The scientists who were brainstorming with civil society leaders at the fifth Open Forum for Agriculture Biotechnology in Africa (Ofab) on the theme “The role of Biotechnology in Environmental Conservation and Sustainable Utilisation of Genetic resources” in Kampala on 12/08 argued the traditional plant species which are also the country’s staple food are rich in food value compared to the modified species.
The traditional crops include among others, sorghum, millet, cassava, beans, rice, matooke, groundnuts and simsim. On the other hand, the scientists encourage the production of the modified species since the government gave them a green light to carry out research on the modified crops, though both the government and farmers agree on preserving seedlings of the traditional plant in the gene banks.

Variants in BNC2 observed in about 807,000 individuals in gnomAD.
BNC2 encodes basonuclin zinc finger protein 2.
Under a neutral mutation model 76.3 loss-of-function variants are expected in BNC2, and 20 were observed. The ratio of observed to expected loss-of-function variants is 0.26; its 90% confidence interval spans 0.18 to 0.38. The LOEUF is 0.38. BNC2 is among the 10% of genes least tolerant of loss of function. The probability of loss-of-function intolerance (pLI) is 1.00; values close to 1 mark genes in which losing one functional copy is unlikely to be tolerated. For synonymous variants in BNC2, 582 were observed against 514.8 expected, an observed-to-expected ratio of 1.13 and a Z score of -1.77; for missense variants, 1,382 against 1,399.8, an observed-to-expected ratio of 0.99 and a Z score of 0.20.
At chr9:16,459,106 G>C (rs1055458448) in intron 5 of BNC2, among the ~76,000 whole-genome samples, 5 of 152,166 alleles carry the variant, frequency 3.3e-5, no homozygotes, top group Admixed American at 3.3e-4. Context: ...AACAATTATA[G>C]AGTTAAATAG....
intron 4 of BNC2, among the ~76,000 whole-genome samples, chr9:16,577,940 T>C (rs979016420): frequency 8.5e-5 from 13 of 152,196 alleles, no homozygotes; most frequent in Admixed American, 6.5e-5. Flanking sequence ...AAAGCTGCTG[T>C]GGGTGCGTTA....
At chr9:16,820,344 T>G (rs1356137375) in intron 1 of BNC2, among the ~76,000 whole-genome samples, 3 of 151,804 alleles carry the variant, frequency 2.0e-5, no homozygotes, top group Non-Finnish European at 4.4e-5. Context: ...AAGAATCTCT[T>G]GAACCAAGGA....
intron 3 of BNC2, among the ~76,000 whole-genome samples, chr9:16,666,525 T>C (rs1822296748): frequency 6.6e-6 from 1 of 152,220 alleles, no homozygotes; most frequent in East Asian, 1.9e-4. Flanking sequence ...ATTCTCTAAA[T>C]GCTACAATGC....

The Open Forum on Agricultural Biotechnology in Africa (OFAB) is a platform that brings together stakeholders in biotechnology and enables interactions between scientists, journalists, the civil society, industrialists, lawmakers and policy makers. It is a monthly lunch meeting that provides an opportunity for key stakeholders to know one another, share knowledge and experiences, make new contacts and explore new avenues of bringing the benefits of biotechnology to the African agricultural sector.
Environment Minister Ms Jessica Eriyo told the gathering that the cabinet was studying the draft bill on Biotechnology and Biosafety with an intention of passing it when all the loopholes in it filled in.
Scientists urge farmers to keep traditional crops Daily Monitor, Uganda - Aug 12, 2008